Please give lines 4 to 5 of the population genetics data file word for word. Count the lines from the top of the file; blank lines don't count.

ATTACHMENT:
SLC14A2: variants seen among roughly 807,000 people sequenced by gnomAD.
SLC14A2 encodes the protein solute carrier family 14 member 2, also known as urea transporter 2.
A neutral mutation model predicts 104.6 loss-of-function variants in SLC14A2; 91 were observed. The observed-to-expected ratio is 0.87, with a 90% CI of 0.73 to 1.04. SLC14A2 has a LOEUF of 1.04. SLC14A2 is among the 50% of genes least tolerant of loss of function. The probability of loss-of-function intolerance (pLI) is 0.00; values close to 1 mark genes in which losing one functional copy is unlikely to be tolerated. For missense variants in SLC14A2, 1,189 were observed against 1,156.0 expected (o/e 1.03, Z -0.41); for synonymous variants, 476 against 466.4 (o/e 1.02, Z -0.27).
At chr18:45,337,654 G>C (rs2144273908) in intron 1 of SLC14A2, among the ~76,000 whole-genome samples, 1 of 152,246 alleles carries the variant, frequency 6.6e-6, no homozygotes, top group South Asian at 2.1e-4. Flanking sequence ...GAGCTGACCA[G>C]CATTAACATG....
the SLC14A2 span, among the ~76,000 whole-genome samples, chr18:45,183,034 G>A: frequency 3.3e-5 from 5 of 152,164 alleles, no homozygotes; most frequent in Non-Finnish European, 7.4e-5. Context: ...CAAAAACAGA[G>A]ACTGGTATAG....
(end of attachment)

At chr18:45,337,654 G>C (rs2144273908) in intron 1 of SLC14A2, among the ~76,000 whole-genome samples, 1 of 152,246 alleles carries the variant, frequency 6.6e-6, no homozygotes, top group South Asian at 2.1e-4. Flanking sequence ...GAGCTGACCA[G>C]CATTAACATG....
the SLC14A2 span, among the ~76,000 whole-genome samples, chr18:45,183,034 G>A: frequency 3.3e-5 from 5 of 152,164 alleles, no homozygotes; most frequent in Non-Finnish European, 7.4e-5. Context: ...CAAAAACAGA[G>A]ACTGGTATAG....